Vegan advocate praises dietary recommendations report

Advocates of a vegan diet are praising the 2015 Dietary Guidelines Advisory Committee’s scientific report for pointing to vegetarianism as a way to prevent obesity, diabetes and chronic disease. 

“The major findings regarding sustainable diets were that a diet higher in plant-based foods, such as vegetables, fruits, whole grains, legumes, nuts, and seeds, and lower in calories and animal-based foods is more health promoting and is associated with less environmental impact than is the current U.S. diet,” the report said.

The Department of Agriculture and the Department of Health and Human Services will use the recommendations of the report, released Thursday, to update the new dietary guidelines.  

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The report goes on to name a vegetarian, a Mediterranean and a U.S.-style diet — one that is higher in vegetables, fruits, whole grains, low- or non-fat dairy, seafood, legumes, and nuts; moderate in alcohol intake; and lower in red and processed meat, sugar-sweetened foods, drinks and refined grains — as three diets that garner the best health affects and have the lowest impact on the environment.

“Previous advisory panels have noted the value of vegetarian diets, but these recommendations have been expanded to specifically demonstrate how a vegetarian diet reduces the risk of many types of chronic disease,” the Physicians Committee for Responsible Medicine said in a news release.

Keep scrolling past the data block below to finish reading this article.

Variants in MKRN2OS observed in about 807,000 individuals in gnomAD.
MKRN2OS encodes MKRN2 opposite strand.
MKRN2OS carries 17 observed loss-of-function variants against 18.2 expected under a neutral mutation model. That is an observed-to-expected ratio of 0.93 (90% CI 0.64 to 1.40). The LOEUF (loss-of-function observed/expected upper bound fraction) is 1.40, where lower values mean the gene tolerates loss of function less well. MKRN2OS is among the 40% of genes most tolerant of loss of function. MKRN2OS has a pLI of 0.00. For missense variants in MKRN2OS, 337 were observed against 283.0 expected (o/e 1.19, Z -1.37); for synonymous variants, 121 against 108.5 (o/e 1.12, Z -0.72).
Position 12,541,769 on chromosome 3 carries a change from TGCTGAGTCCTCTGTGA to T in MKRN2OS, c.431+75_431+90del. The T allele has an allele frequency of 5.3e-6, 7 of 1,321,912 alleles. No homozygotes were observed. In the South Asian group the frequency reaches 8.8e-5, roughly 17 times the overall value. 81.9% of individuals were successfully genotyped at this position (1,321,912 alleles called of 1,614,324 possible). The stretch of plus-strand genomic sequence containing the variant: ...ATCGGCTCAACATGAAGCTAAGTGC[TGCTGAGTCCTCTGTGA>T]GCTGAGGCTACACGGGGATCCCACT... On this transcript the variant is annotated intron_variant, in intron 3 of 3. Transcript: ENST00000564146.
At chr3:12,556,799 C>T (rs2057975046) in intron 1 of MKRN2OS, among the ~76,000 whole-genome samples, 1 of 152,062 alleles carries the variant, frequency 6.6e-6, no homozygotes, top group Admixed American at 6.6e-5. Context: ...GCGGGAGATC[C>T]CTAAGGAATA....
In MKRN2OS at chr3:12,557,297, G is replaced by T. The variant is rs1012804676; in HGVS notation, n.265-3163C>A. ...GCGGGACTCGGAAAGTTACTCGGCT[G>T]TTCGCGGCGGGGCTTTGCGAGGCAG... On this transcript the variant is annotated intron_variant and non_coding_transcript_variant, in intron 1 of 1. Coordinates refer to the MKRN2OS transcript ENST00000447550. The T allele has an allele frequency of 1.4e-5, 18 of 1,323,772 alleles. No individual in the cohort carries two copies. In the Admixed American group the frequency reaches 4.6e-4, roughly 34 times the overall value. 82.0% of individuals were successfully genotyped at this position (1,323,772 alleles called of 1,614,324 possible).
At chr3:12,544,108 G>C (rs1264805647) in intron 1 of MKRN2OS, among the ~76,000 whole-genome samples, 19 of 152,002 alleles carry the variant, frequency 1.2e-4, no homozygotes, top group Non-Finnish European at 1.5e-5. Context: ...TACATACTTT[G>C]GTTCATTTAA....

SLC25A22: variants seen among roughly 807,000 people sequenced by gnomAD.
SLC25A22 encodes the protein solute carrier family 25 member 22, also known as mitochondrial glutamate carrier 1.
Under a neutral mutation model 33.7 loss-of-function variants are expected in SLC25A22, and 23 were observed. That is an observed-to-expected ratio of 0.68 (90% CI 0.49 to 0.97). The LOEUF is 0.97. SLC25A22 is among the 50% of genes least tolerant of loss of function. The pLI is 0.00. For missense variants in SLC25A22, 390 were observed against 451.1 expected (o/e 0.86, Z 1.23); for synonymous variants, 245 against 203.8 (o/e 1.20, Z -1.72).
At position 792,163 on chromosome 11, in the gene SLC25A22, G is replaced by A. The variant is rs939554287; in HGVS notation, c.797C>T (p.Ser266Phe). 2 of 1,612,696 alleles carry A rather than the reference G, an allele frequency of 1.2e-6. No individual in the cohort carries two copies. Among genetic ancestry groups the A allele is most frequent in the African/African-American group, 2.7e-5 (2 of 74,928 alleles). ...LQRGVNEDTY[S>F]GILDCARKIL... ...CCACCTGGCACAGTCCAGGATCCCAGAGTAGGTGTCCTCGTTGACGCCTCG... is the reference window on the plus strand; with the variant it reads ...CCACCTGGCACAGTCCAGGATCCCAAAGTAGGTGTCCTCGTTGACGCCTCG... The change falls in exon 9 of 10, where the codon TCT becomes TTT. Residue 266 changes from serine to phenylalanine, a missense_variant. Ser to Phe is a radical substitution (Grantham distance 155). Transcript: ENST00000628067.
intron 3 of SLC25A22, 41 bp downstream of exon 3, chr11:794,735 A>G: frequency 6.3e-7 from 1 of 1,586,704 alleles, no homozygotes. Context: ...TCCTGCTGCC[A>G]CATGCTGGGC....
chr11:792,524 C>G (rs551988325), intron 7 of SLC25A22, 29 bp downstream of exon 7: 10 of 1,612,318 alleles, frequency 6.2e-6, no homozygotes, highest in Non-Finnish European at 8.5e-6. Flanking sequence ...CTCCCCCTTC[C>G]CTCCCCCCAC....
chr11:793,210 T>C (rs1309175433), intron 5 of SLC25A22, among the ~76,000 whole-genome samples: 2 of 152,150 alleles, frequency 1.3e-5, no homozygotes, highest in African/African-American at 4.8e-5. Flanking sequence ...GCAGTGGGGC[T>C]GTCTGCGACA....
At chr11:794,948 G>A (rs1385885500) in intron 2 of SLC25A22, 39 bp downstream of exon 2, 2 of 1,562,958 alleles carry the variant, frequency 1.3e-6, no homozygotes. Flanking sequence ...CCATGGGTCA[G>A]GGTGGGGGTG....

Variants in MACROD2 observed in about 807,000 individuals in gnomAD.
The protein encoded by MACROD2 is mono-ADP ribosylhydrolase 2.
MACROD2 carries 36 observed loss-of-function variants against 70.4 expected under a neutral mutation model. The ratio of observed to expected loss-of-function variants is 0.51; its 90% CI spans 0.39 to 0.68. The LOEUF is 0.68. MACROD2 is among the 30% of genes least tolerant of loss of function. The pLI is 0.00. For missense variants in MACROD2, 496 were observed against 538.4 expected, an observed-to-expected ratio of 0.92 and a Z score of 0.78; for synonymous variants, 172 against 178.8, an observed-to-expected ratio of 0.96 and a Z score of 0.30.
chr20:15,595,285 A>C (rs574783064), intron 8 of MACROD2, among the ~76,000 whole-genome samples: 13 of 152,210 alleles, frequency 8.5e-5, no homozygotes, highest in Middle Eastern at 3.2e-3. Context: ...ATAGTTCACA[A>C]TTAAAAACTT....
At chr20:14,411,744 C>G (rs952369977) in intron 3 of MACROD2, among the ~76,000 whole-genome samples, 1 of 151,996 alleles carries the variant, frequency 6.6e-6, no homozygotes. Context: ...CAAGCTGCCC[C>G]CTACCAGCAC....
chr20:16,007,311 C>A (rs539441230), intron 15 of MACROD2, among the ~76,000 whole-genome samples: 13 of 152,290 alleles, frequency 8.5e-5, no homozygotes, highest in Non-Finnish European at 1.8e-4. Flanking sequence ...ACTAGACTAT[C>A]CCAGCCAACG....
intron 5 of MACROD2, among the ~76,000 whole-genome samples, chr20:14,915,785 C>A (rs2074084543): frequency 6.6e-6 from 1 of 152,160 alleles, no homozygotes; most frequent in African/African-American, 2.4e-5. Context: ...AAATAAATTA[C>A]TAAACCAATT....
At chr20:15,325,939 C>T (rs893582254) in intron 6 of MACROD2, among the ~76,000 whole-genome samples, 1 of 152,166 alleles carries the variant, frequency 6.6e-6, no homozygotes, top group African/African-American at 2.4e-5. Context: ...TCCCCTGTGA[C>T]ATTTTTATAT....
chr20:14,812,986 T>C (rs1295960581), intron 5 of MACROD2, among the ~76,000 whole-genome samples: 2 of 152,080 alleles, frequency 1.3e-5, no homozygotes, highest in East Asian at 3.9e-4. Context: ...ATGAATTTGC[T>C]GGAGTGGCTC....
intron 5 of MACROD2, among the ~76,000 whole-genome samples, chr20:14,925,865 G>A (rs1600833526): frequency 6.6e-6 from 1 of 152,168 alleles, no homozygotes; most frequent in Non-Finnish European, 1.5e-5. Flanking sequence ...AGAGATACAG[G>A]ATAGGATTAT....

“The current language recommending vegetarian dietary patterns is the strongest to date.”

But the nonprofit organization, a vegan advocate, said the report failed to warn consumers about the dangers of cholesterol and lean meat.

Unlike past reports, the independent committee this year said cholesterol is no longer listed as a nutrient of concern for over consumption.

“Telling Americans that ‘cholesterol is not a nutrient of concern for overconsumption,’ could encourage consumption of meat, dairy products, and eggs — foods high in dietary cholesterol — which have other serious health risks,” Dr. Neal Barnard, the Physicians Committee president, said in a news release.

“Meat and dairy products are strongly linked to our country’s deadliest epidemics: obesity, heart disease, diabetes, and cancer.”

Meanwhile, meat advocates are upset that the report failed to discuss the health benefits of lean meat in detail, resorting instead to a footnote that says “lean meat can be part of a healthy dietary pattern.”

“Lean meat’s relegation to a footnote ignores the countless studies and data that the committee reviewed for the last two years that showed unequivocally that meat and poultry are among the most nutrient dense foods available," North American Meat Institute President and CEO Barry Carpenter said in a release.

“Nutrient dense lean meat is a headline, not a footnote." 

Other meat industry groups called the report misleading for leaving lean meat out of a healthy dietary pattern while endorsing a Mediterranean style diet, which calls for the moderate consumption of red meat. 

“Lean meat is red meat,” Dr. Shalene McNeill, a registered dietitian and nutrition Scientist with National Cattlemen's Beef Association said in a news release.

The beef association claims that lean beef is one of the most nutrient-rich foods, providing high levels of essential nutrients such as zinc, iron and protein, as opposed to empty calories.